These torturing thoughts dragged through the weary treadmill of his brain for an eternity of jouncing, and then, quite suddenly, the horn honked twice, hinges squealed somewhere, the car pitched forward as if on a downward ramp, a door slammed, and the engine-sound had stopped.

Still in his bag, Doc was dragged from the seat on which he lay; was lifted to a husky shoulder like any sack of potatoes. He judged he was being carried up a flight of stairs, heard footsteps on the bare wooden treads other than those of the one who bore him. That must be Logan, he thought, and his flesh crawled. Even before, under his pose of bland philanthropy, the man had been incarnate evil. What had prison made of him?

The climb ended. Even through the thick, clogging fabric Turner sensed the musty odor of a long uninhabited house. Nearby someone sobbed, whiningly. Doc thumped down on boards, and a voice said, "All right, Carl, pull him out of it." The cord around his ankle loosened, and the cloth was being peeled from him.

DOC blinked at a dingy ceiling on which unsteady light flickered. He pushed his hands down against splintered wood and pushed himself up to a sitting posture. A candle wavered on a tottering mantel; a kitchen table was cluttered with greasy paper, curling rinds from sliced bologna, two beer bottles, one half-empty, the other altogether so. His aching eyes pulled nearer, and he saw long legs in black trousers, the swinging hem of a square-cut, clerical coat, a hand from which a blued revolver snouted. Looking still higher he saw a face gazing down at him, a sharp-chinned face in which tight, cruel lips cut across jail-pallor and from which slitted, lurid eyes met his own. The mouth twitched, and a hard toe drove suddenly, excruciatingly, into his side. "Get up," Logan gritted. "Get up on your hind legs."

The old man bit his lips to repress a groan, struggled erect. Agony stabbed his side, and he was sure a rib was broken. He found a bundle in a dark corner, saw that it was Abe, gagged, legs and arms wired to his scrawny frame. The urchin's black eyes stared at him, bulging with horror, dark with despair. "How do you like it, Dr. Turner?" Logan's thin voice came again. "That's the way they do it at Leavenworth if you don't move quick enough to suit them."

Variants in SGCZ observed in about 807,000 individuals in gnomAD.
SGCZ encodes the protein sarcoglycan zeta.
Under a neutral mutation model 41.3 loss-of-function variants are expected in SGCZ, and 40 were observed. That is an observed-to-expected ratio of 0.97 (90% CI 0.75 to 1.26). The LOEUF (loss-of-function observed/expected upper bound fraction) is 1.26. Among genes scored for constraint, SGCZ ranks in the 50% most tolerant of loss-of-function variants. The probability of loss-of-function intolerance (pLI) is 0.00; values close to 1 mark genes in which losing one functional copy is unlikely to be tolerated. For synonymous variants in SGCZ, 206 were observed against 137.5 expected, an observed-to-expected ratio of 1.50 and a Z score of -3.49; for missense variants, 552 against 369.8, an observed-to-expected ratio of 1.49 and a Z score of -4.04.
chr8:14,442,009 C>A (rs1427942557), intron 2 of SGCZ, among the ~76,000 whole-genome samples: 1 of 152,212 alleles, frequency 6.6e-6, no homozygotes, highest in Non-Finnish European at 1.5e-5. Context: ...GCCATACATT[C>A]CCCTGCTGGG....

"They do something else at Sing Sing," Doc answered, "to murderers. They put them in a chair and throw a switch. They say it doesn't hurt very much, but I should hate to try it." Black cloth had been tacked over the windows. Carl leaned against the closed door, his brutish face surly but his piglike eyes glittering with sadistic anticipation.

"Nor I. And I won't. By the time you are found here I shall be days out at sea, on my way to a country where extradition writs are scraps of paper. But you won't know about that. You won't know anything."

The old druggist brought his eyes back to Logan's face, caught and held the other's lewd orbs. "There are radios on ships," he said in a low, steady voice. "And ship captains are not likely to aid killers in escaping."

"You're doing a lot of worrying about what's going to happen to me. That's—" Logan broke off suddenly, and his eyes signaled Carl. The interruption was only momentary, then he was continuing, "—my business. Yours is collecting that little debt..." The pug with the mashed nose wheeled, jerked open the door. A shadowy form was visible outside; a gun roared. It was Carl's gun, and the intruder slid down along the doorpost, sprawled on the floor. His head came across the threshold; the candlelight reached it. His hair was a carroty-red—Doc's heart skipped a beat—except where seeping blood dyed it scarlet. Pent breath whistled from between Logan's lips, but his revolver and his eyes were steady on the old pharmacist.